This summer the Department of Transportation’s Federal Highway Administration published the final rule for National Tunnel Inspection Standards (NTIS). I have filed legislation numerous times since 2007 to establish a nationwide highway tunnel inspection program modeled after the existing bridge inspection program. I took action after a falling ceiling panel in a Big Dig tunnel claimed the life of a young woman. At the time, there were no national standards or requirements for inspecting highway tunnels. Tunnel inspections became federal law as part of a previous transportation authorization and the DOT has been working on its implementation. The publication of this final rule represented the last step in my years-long effort to implement this program.
Federal Housing Administration
During my time in Congress I have worked on many fronts to make housing more affordable for moderate income families. My efforts have focused on renters and well as homeowners. In early 2015 the Federal Housing Administration (FHA) reduced the mortgage insurance premium, making homeownership more affordable for those seeking to enter the housing market. These premiums were steadily increasing and I have long advocated a return to more affordable levels which will help make this program more accessible to moderate-income families. Because that premium was steadily increasing, it was putting FHA mortgages out of reach for many otherwise qualified home buyers. This sensible reduction to the upfront mortgage insurance premium will better accommodate the homebuyers it is designed to serve.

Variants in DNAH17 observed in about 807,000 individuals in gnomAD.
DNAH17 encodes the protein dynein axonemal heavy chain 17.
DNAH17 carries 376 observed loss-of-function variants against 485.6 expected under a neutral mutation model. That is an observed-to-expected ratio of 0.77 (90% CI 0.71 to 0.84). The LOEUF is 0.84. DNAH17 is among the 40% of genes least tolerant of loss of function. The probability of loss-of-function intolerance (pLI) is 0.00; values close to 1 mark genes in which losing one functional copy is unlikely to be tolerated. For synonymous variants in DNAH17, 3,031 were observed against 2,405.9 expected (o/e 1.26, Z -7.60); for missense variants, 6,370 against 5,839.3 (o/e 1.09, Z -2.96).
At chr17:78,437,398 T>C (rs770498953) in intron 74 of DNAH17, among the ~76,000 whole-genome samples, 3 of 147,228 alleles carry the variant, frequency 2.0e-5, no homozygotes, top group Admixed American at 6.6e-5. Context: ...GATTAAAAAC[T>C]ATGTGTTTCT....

Terrorism Risk Insurance Program
In early 2015 Congress extended the Terrorism Risk Insurance Program (TRIA) for six years, increasing the amount of losses that would make insurance companies eligible to access TRIA from $100 million to $200 million over five years. TRIA was passed in the aftermath of 9/11 after terrorism insurance suddenly became unaffordable and limited. Its high cost impacted activity in many industries, affecting workers compensation coverage and halting new construction. TRIA created a federal backstop to help make terrorism insurance available and affordable again. I have introduced legislation on TRIA starting in 2004. This year marks the third time the program was extended.